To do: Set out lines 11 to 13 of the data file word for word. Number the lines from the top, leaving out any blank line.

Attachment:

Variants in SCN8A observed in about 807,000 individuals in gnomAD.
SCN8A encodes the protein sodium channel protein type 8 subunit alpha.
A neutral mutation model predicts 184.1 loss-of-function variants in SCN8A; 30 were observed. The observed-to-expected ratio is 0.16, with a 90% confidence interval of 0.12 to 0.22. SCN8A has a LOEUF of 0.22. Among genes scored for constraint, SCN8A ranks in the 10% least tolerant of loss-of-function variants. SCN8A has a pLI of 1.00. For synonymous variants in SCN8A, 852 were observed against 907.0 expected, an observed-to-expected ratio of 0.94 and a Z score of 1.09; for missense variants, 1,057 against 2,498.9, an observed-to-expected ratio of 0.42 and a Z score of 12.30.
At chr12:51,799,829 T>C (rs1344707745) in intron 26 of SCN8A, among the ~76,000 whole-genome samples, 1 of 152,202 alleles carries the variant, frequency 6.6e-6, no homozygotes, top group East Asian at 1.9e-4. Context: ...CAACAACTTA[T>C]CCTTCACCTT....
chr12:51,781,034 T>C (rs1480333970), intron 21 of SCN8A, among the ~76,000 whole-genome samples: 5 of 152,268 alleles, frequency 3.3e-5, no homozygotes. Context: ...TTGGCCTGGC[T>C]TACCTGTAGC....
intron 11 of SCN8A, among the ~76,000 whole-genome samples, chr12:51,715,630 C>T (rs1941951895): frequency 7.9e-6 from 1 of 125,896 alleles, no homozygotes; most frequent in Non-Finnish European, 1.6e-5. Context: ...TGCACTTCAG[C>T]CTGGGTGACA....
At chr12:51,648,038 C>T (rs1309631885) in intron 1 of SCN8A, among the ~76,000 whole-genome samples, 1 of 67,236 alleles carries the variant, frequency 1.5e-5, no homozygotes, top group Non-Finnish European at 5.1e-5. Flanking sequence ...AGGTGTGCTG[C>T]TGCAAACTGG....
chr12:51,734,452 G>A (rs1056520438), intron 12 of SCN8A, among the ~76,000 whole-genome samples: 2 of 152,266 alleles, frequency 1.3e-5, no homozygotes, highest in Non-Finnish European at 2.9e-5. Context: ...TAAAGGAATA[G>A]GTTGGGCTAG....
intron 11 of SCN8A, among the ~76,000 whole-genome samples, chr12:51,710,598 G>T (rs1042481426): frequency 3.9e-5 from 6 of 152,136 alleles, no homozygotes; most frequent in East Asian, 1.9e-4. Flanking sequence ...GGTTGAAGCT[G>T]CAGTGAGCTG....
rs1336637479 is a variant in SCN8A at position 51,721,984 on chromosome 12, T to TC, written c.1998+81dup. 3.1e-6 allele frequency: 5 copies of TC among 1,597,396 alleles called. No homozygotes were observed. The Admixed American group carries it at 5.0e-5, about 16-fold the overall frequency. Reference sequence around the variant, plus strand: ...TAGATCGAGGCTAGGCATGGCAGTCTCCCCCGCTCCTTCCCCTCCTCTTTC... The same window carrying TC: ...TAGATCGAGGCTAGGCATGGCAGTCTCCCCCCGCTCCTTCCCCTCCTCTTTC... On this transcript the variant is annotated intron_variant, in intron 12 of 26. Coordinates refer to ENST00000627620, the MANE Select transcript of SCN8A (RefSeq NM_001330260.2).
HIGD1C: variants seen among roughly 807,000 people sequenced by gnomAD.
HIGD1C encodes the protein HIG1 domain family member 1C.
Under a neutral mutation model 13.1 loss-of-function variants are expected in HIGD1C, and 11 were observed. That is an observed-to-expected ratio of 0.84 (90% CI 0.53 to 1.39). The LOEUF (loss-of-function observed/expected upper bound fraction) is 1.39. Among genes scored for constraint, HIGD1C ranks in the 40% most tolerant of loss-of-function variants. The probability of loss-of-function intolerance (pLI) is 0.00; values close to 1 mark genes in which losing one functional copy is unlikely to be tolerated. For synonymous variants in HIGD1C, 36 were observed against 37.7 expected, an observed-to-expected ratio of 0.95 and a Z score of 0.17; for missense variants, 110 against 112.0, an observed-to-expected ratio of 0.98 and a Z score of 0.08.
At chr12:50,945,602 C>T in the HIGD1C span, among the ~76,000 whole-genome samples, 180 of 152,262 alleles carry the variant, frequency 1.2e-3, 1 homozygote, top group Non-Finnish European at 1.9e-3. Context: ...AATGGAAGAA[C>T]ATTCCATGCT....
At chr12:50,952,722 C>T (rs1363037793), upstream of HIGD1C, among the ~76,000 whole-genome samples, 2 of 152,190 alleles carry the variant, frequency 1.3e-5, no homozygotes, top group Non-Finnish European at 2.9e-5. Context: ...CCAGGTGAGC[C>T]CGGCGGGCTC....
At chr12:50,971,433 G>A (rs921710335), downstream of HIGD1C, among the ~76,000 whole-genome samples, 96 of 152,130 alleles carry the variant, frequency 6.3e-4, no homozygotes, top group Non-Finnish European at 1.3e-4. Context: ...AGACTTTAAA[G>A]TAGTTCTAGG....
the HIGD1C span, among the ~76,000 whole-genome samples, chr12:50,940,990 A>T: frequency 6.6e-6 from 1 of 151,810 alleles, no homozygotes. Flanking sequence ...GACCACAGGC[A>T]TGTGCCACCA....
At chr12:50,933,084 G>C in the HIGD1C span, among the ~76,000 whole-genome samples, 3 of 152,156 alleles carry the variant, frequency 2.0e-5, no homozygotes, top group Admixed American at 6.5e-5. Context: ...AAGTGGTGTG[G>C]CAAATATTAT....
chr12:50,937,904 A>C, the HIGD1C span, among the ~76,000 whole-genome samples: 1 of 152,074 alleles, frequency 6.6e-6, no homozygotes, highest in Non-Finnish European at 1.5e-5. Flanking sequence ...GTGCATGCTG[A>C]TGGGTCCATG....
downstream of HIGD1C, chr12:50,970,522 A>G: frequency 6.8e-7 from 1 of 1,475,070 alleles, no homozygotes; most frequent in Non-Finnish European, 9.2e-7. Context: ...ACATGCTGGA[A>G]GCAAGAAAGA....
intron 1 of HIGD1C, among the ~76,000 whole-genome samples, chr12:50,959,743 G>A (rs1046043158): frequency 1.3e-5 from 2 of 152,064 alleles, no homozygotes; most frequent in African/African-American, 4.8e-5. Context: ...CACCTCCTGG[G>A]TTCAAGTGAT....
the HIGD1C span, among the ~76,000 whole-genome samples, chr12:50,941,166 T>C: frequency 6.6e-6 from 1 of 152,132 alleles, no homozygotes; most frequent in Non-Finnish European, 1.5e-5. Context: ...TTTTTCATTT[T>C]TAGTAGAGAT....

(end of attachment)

HIGD1C: variants seen among roughly 807,000 people sequenced by gnomAD.
HIGD1C encodes the protein HIG1 domain family member 1C.
Under a neutral mutation model 13.1 loss-of-function variants are expected in HIGD1C, and 11 were observed. That is an observed-to-expected ratio of 0.84 (90% CI 0.53 to 1.39). The LOEUF (loss-of-function observed/expected upper bound fraction) is 1.39. Among genes scored for constraint, HIGD1C ranks in the 40% most tolerant of loss-of-function variants. The probability of loss-of-function intolerance (pLI) is 0.00; values close to 1 mark genes in which losing one functional copy is unlikely to be tolerated. For synonymous variants in HIGD1C, 36 were observed against 37.7 expected, an observed-to-expected ratio of 0.95 and a Z score of 0.17; for missense variants, 110 against 112.0, an observed-to-expected ratio of 0.98 and a Z score of 0.08.